Tag Archives: Douglas Fairbanks Sr.

Little Known Facts About Mary Pickford

 

• Stage producer David Belasco gave Mary her stage name in 1908. Her real name, Gladys Marie Smith, wasn`t right for an actress on his stage. “Gladys” didn`t suit the diminutive actress, “Smith” was too common, “Marie” was too foreign. “Marie” became “Mary”. “Pickford” was her mother`s maiden name. Years later, a fan who traced her family tree found that the name “Mary Pickford” occurred several times in her mother`s family going back to the 12th century.
• Pickford charmed producer David Belasco on their first meeting. When he asked, “So you want to be an actress, little girl?”, she cagily replied, “No, sir. I have been an actress. I want to be a good actress.”
• In October 1911, a court voided her contract with IMP because she was a minor when she signed it. As a result, she left IMP for the Majestic Company for $275/week.
• Became a US citizen on her marriage to Douglas Fairbanks, but later reclaimed her Canadian citizenship and died a dual US/Canadian citizen.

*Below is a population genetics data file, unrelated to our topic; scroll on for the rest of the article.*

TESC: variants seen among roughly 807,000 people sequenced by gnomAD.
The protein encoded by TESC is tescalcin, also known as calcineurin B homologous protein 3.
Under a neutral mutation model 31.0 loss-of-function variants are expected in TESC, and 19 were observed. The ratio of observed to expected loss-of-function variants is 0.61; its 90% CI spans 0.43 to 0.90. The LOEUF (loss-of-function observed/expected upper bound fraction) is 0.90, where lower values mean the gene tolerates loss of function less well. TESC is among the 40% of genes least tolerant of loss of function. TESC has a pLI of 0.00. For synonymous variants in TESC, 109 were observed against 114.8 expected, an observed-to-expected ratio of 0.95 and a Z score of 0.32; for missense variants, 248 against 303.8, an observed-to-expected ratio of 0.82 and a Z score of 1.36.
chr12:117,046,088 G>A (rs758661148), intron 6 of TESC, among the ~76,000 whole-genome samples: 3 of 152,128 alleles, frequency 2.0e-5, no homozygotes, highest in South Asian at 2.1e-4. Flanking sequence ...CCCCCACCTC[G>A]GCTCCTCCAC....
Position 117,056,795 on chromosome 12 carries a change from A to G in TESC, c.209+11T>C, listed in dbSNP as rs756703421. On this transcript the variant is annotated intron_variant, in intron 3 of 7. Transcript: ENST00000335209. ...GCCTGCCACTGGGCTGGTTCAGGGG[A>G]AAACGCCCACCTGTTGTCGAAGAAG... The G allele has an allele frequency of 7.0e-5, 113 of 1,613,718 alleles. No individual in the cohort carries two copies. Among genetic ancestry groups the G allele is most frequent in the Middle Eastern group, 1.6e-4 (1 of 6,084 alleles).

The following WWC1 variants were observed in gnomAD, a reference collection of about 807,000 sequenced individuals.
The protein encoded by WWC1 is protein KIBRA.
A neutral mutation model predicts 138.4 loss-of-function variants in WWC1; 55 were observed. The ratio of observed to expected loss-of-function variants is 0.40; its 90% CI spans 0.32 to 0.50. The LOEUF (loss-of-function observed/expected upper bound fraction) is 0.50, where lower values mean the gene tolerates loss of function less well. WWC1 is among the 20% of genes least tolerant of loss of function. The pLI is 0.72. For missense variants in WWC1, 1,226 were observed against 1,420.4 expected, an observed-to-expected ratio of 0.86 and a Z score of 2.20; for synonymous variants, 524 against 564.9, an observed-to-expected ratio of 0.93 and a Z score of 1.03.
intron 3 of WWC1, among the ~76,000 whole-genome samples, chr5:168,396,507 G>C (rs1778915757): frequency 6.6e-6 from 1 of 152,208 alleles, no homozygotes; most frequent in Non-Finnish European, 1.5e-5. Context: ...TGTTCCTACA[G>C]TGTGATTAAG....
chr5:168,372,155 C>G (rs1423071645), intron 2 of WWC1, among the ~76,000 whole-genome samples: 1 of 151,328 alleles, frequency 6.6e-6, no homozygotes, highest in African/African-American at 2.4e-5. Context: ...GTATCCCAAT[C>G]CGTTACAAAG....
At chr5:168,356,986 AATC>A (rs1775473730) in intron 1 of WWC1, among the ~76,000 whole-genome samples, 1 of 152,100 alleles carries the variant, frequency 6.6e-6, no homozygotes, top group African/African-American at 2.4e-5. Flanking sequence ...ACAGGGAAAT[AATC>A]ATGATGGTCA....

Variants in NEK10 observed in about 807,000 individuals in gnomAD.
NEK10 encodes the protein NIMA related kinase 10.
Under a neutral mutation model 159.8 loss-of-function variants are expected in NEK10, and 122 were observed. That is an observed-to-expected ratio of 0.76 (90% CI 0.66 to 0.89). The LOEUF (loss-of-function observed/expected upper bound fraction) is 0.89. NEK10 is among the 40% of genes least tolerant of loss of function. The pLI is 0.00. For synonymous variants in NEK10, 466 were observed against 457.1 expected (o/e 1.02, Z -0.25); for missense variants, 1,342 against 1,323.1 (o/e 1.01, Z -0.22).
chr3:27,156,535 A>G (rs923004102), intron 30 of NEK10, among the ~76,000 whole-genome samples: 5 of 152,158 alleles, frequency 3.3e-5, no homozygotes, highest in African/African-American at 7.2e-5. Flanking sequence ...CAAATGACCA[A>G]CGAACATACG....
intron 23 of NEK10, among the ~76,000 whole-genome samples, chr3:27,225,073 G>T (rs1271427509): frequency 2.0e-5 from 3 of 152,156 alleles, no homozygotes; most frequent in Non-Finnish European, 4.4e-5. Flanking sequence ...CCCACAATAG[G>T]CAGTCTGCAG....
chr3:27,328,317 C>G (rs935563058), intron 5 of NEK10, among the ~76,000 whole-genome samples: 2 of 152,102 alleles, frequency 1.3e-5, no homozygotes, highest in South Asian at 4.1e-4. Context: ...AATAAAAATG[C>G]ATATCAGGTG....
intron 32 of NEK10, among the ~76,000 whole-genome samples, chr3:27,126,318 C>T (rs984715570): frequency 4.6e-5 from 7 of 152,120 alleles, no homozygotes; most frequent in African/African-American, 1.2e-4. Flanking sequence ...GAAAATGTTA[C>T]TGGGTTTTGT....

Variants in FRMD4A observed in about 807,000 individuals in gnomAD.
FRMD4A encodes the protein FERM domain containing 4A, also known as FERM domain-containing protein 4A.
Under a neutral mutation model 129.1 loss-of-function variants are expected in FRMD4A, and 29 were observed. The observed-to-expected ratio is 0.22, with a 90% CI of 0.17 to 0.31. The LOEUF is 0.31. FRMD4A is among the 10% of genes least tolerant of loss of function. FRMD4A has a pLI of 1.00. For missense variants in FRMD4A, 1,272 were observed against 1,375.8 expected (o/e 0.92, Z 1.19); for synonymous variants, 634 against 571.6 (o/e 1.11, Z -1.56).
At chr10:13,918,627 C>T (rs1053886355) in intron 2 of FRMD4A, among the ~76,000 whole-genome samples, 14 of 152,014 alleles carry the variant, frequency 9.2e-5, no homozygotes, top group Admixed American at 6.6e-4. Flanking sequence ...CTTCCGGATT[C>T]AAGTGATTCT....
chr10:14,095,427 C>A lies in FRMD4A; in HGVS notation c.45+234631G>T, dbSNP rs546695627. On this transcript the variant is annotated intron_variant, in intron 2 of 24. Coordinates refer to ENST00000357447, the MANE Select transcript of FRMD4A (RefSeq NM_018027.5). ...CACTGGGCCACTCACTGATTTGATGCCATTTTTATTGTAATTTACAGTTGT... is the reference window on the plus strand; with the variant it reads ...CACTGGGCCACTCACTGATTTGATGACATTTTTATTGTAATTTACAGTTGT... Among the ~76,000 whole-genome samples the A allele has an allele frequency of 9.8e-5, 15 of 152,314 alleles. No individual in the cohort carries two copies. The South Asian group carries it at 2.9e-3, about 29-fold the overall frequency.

• First star (along with husband Douglas Fairbanks) to officially place hand and footprints in the cement at Grauman`s Chinese Theatre (April 30, 1927).
• Was named #24 on The American Film Institute 50 Greatest Screen Legends.
• The house in which she lived in Hollywood for most of her life was nicknamed “Pickfair”.
• Was Joan Crawford`s mother-in-law, while Crawford was married to Pickford`s son, Douglas Fairbanks, Jr.
• Measurements: 33 1/4-25-36 (from her dress designer).
• She and husband Fairbanks were friends of the Edsel Fords (Henry Ford`s son). In the Edsel & Eleanor Ford home at 1100 Lake Shore Rd., Grosse Point Shores, MI there hangs in the study an autographed photo of her signed “Mary Pick-A-Ford”, c. 1932.
• She became estranged from daughter Roxanne for a time when she, at age eighteen, ran off to marry a man her parents did not approve of.
• She had intended to have all of her films destroyed after her death, fearing that no one would care about them. She was convinced not to do this.